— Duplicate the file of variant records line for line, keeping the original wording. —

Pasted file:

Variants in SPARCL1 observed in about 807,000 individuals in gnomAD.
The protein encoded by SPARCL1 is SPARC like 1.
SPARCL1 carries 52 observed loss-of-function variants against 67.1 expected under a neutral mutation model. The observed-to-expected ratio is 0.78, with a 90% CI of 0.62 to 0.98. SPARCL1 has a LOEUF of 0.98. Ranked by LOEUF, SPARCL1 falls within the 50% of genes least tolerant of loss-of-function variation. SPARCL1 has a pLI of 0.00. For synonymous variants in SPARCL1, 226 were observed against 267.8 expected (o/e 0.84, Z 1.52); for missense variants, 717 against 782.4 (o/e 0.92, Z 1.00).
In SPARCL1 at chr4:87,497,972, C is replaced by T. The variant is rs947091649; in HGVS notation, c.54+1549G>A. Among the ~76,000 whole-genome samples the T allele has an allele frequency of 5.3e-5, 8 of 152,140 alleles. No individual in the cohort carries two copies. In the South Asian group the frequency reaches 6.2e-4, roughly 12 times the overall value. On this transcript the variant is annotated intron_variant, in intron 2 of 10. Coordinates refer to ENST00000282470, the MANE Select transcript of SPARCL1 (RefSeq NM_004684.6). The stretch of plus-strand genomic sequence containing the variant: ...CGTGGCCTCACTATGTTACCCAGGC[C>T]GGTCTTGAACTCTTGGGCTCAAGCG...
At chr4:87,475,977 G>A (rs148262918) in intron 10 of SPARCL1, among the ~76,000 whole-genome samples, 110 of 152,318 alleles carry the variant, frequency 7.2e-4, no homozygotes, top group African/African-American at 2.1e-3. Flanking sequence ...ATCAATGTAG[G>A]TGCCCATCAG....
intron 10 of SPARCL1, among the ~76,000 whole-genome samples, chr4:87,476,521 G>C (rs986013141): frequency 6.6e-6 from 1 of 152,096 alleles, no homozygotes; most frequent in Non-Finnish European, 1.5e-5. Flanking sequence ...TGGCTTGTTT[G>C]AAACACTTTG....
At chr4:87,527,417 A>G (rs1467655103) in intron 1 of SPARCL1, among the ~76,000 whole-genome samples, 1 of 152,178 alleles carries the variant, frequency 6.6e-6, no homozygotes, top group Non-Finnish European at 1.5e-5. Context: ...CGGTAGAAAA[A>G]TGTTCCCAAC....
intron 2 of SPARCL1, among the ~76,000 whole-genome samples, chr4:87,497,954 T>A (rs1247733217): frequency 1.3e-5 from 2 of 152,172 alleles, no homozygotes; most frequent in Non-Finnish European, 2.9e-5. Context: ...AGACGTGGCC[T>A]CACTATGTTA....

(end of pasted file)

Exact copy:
Variants in SPARCL1 observed in about 807,000 individuals in gnomAD.
The protein encoded by SPARCL1 is SPARC like 1.
SPARCL1 carries 52 observed loss-of-function variants against 67.1 expected under a neutral mutation model. The observed-to-expected ratio is 0.78, with a 90% CI of 0.62 to 0.98. SPARCL1 has a LOEUF of 0.98. Ranked by LOEUF, SPARCL1 falls within the 50% of genes least tolerant of loss-of-function variation. SPARCL1 has a pLI of 0.00. For synonymous variants in SPARCL1, 226 were observed against 267.8 expected (o/e 0.84, Z 1.52); for missense variants, 717 against 782.4 (o/e 0.92, Z 1.00).
In SPARCL1 at chr4:87,497,972, C is replaced by T. The variant is rs947091649; in HGVS notation, c.54+1549G>A. Among the ~76,000 whole-genome samples the T allele has an allele frequency of 5.3e-5, 8 of 152,140 alleles. No individual in the cohort carries two copies. In the South Asian group the frequency reaches 6.2e-4, roughly 12 times the overall value. On this transcript the variant is annotated intron_variant, in intron 2 of 10. Coordinates refer to ENST00000282470, the MANE Select transcript of SPARCL1 (RefSeq NM_004684.6). The stretch of plus-strand genomic sequence containing the variant: ...CGTGGCCTCACTATGTTACCCAGGC[C>T]GGTCTTGAACTCTTGGGCTCAAGCG...
At chr4:87,475,977 G>A (rs148262918) in intron 10 of SPARCL1, among the ~76,000 whole-genome samples, 110 of 152,318 alleles carry the variant, frequency 7.2e-4, no homozygotes, top group African/African-American at 2.1e-3. Flanking sequence ...ATCAATGTAG[G>A]TGCCCATCAG....
intron 10 of SPARCL1, among the ~76,000 whole-genome samples, chr4:87,476,521 G>C (rs986013141): frequency 6.6e-6 from 1 of 152,096 alleles, no homozygotes; most frequent in Non-Finnish European, 1.5e-5. Flanking sequence ...TGGCTTGTTT[G>C]AAACACTTTG....
At chr4:87,527,417 A>G (rs1467655103) in intron 1 of SPARCL1, among the ~76,000 whole-genome samples, 1 of 152,178 alleles carries the variant, frequency 6.6e-6, no homozygotes, top group Non-Finnish European at 1.5e-5. Context: ...CGGTAGAAAA[A>G]TGTTCCCAAC....
intron 2 of SPARCL1, among the ~76,000 whole-genome samples, chr4:87,497,954 T>A (rs1247733217): frequency 1.3e-5 from 2 of 152,172 alleles, no homozygotes; most frequent in Non-Finnish European, 2.9e-5. Context: ...AGACGTGGCC[T>A]CACTATGTTA....